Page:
I’m exhausted. I’m tired. And the fucking Christmas party season still isn’t over yet. Accompanying my frantic essay work, rampant socialising and exchange of semi-skilled professional services for money over the last week has been David Foster Wallace’s The Broom of the System. His first novel and his first published book, this was (for me) a disappointment of a literary distraction from the demands of actual life.
I read and ADORED Infinite Jest in the Summer*, read and really enjoyed Signifying Rappers in the Autumn, and had hoped to read and love The Broom of the System in the Winter. Sadly, however, this was not to be. As when I read Brief Interviews With Hideous Men a couple of years ago, I felt there were moments of rather exquisite literary beauty, but the overall piece is marred by a smugness and too many topics I don’t find interesting. Infinite Jest (which is loosely about consumerism, the decline of culture, addiction, depression, love, death, hope, loss of hope, self-destruction, class and identity) is the second best book I read this year, and one of the finest I have ever read. But that, I suppose, is because so many of the topics it explores are those which I deeply engage with: in conversation, in behaviour and my (if I can use so crude and self-aggrandising a term) “writings”. The Broom of the System, however, is about the American Middle West, is about jealousy, is about frat boys and religious preachers, is about old people and far too much about telephone switchboard operation. It is also concerned with narrative and with fiction itself.
I suppose this, really, is the crux of the book – Foster Wallace is at his strongest here when he is exploring the ways of telling stories. He uses, of course, various forms within the novel (transcripts, diaries, chapters solely consisting of dialogue…), and includes many short stories as part of the text. One of the characters, the ridiculously named Rick Vigorous**, works as the editor of a literary review, and regularly retells to his lover the fiction submissions he is sent. These passages are strong, these stories are varied and interesting, and are told to the reader in an original way. However, the main plots (because there are several) of the novel are all a bit limp, loosely connected and nothing/very little is tied up at the end. Which I don’t mind in itself, but other readers may.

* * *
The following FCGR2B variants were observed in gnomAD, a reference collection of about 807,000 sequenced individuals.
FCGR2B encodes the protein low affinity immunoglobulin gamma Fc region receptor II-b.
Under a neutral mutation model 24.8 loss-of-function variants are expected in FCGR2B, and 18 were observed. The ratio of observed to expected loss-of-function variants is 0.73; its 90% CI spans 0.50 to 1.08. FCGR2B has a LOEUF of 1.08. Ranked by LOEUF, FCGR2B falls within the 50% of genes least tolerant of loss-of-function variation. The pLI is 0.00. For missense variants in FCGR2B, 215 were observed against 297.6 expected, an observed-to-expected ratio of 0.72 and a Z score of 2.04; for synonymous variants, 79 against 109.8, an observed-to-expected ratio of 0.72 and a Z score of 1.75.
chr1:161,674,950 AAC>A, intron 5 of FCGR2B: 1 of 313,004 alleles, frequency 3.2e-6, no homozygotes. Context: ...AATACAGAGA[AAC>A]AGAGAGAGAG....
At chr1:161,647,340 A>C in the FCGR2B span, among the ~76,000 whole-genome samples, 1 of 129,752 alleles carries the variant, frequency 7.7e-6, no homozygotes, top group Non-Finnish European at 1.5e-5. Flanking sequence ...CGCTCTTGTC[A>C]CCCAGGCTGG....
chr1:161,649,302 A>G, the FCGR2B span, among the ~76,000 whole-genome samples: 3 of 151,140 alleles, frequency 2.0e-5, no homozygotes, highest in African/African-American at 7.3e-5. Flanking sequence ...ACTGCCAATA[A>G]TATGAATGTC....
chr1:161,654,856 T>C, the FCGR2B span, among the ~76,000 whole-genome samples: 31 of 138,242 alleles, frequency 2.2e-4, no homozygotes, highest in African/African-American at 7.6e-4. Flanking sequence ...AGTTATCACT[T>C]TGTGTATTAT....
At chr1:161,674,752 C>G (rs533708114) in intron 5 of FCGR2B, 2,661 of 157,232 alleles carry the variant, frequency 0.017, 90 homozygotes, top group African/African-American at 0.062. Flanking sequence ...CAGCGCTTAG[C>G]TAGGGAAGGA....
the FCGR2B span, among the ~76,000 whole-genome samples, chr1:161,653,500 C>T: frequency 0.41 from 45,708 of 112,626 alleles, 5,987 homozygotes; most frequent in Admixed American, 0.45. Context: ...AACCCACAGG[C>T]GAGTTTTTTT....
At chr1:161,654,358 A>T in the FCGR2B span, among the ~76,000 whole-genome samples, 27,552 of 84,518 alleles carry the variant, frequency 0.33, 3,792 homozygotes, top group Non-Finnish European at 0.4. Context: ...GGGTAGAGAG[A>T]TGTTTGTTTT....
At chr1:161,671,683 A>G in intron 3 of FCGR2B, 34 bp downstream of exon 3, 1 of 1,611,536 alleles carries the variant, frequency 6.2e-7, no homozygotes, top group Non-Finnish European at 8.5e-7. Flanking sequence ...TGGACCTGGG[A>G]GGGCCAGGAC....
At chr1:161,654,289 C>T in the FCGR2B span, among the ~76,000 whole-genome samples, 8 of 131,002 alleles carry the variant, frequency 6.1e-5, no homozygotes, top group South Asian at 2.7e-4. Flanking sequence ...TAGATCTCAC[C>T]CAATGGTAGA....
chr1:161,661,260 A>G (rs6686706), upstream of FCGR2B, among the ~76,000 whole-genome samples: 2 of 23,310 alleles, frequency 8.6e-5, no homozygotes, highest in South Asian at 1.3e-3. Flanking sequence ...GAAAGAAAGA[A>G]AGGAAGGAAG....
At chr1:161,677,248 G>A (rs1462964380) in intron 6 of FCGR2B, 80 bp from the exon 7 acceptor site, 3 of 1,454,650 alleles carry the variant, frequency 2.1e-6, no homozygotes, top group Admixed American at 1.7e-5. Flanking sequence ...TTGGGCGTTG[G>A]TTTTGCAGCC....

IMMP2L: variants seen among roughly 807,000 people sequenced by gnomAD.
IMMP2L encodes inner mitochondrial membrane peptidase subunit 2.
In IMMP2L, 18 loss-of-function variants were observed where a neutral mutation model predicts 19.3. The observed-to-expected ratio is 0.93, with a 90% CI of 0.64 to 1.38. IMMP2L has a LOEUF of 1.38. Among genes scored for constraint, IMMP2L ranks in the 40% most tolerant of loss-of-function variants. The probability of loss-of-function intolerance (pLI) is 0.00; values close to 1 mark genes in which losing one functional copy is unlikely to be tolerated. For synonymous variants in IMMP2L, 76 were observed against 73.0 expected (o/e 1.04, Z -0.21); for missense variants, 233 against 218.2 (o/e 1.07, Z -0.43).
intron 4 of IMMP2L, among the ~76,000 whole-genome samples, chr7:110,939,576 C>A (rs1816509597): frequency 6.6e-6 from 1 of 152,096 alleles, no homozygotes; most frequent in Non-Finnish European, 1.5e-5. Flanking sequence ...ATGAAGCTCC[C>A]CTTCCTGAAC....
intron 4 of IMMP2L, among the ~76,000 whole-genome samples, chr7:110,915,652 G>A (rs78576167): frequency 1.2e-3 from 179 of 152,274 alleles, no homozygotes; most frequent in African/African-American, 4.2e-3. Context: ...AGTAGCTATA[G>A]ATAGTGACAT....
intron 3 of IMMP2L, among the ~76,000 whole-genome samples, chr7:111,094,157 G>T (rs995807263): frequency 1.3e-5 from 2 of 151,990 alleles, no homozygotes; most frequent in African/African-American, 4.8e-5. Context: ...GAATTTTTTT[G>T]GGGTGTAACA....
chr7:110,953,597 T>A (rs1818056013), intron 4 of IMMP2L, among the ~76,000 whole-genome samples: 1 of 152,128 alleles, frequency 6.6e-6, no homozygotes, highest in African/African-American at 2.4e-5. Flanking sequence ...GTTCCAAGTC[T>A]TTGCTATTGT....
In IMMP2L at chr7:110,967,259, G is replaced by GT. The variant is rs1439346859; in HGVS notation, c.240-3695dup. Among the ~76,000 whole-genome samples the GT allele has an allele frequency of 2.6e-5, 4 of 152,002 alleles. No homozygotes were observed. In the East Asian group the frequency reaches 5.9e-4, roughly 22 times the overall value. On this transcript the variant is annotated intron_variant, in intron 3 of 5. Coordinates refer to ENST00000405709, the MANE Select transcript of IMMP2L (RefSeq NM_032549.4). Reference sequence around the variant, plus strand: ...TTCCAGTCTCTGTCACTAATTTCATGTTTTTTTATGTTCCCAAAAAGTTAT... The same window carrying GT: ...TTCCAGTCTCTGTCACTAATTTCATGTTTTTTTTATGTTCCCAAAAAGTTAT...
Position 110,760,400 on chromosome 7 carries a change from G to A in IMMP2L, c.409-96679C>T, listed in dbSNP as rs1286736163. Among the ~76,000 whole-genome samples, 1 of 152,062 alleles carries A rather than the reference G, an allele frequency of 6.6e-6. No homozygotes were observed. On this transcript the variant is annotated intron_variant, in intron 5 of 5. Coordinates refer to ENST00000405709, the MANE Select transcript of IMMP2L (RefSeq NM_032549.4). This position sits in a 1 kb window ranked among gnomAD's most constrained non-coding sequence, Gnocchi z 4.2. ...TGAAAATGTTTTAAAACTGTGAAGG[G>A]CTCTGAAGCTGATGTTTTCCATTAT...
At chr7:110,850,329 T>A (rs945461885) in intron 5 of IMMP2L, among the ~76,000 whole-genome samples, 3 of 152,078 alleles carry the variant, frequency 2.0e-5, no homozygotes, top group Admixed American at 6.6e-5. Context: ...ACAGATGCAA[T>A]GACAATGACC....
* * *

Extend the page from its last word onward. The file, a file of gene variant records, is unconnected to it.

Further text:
But, I suppose, across the board it is funny, some of the short stories are very moving, if the overall text itself is not, and as a foreshadowing of probably the best novel of the ’90s it does bear some worth in reading. Not as good as Infinite Jest, not by a long way, but I am perhaps judging The Broom of the System too harshly because of how much I enjoyed Foster Wallace’s second novel and his non-fiction book about hip-hop.
Clearly a first novel, good, but (in my humble opinion) not great. However, in reading Infinite Jest, one irrevocably alters ones belief in what a novel can and should do.
* Flip back through my blog to see several posts about it, I read it whilst travelling.
** There are lots of stupid, Amis-esque, names in this book. I did not find these funny and found the conceit pretty detracting.
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